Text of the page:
If you think these statements through, you will be shaken with the weight of the tremendous responsibility we have toward our children as Christian parents. There will come a time in my child's life, as he grows up, when he will take over the responsibility for his knowledge of Jesus Christ. He will, himself, seek to know and understand God. But in his formative years the parent is responsible for revealing God to him. Other influences will have bearing on the child's knowledge of God — his church and Sunday School training, the lives of other Christians, what he sees and hears of men without God — but the Bible places the RESPONSIBILITY on the parent for teaching the child and bringing into his life those influences which will broaden his knowledge of Jesus Christ.

What does my child know of the love of Christ? Only what he sees of it in me. Go back to our lesson on love, I Corinthians 13, and study it now with your child in mind. What does my child know of the justice of God? Just what I teach him, as I rear him tenderly in the training and discipline of the Lord. Ephesians 6:4 (Amplified)

We need to make our study of discipline practical. First, remember the definition of the word from last year: Training in self control and obedience to given standards. God's Word is the standard, and the whole discipline of the child is bent toward this standard.

1. We must remember that our discipline of our children is a total training toward a given goal. That goal is spiritual maturity for the child. Remember that it is a long range process. I do not mean by this that we are striving for ultimate obedience from the child. Complete obedience must be required from the very outset. The thing that we are striving for ultimately is maturity, and we must have exactly the same patience with the child's growth toward this goal as God has with us in our struggle for spiritual maturity.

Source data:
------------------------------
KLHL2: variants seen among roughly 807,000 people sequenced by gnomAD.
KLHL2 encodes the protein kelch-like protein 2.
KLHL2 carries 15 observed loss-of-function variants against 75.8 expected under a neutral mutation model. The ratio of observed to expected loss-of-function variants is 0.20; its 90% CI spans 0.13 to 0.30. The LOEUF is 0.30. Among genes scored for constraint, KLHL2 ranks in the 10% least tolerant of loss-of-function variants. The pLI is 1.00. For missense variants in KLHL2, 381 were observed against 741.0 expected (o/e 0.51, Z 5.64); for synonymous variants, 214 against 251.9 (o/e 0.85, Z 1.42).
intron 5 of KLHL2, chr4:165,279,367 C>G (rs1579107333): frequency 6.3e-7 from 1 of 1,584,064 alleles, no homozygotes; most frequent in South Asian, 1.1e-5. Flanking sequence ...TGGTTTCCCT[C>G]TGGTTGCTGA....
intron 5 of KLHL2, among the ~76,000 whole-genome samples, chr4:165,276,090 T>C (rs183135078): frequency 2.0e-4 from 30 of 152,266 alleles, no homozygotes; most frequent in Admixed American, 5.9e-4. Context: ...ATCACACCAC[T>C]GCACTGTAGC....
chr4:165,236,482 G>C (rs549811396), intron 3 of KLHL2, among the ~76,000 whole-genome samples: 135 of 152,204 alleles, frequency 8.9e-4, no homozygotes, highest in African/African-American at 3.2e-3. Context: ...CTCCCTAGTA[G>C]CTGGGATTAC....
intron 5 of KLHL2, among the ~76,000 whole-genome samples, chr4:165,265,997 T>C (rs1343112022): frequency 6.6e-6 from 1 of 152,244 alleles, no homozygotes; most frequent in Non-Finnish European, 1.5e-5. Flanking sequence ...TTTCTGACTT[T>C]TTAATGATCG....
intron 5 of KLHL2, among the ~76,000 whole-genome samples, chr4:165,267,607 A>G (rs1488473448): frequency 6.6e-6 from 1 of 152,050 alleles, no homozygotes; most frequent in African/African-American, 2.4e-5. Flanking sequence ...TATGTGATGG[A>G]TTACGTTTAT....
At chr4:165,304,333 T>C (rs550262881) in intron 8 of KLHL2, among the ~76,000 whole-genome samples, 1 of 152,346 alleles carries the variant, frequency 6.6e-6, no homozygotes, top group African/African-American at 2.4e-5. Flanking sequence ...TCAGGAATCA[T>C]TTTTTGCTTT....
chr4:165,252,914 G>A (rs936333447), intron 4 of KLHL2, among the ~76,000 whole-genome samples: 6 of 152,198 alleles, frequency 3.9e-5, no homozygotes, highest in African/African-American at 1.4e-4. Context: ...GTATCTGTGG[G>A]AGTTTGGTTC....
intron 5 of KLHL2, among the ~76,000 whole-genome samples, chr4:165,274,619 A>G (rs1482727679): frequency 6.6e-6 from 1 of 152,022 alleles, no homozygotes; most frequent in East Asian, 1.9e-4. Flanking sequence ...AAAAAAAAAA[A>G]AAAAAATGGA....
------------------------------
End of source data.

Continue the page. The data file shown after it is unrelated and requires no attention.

We see discipline pictured in Hebrews as a crop or a tree. It is planted; it is cared for. There is grievous and painful tending of theplant but the end result is a harvest of fruit—true righteousness. Hebrews 12:11 (Amp.)

2. Remembering always that our discipline of our children is to be patterned after God's discipline of us, note the following things about His discipline:

 1. He disciplines us because He loves us. Hebrews 12:6 (Amplified) and Proverbs 3:11 12.

 2. It is always for our good. Hebrews 12:9 10 (Amplified);Job 5:17; Psalms 119:67.

 3. It is to conform the child to the pattern of the Christian life because he must be ultimately conformed to Christ's image. We must be untiring and utterly faithful in bringing him to this end. Proverbs 19:18.

Bearing these things in mind, let us make a few practical points to guide us:

1. Depend on the Lord constantly for wisdom AT THE MOMENT you need. Christ IN you can be patient, be wise, be firm, be gentle. When you are in a vital, soul shaking struggle for control of a child over a deep basic issue (though the incident that brings the deep issue to the surface may be trivial in itself), remember that Jesus Christ must win! Pray that way in the middle of your struggle — "Oh, God, I don't know what to do. I can't see where I'm going, much less why I'm here. But I know that all things must work together for our good and Thy glory. My child must learn that God always triumphs. Jesus Christ, have this victory through me today."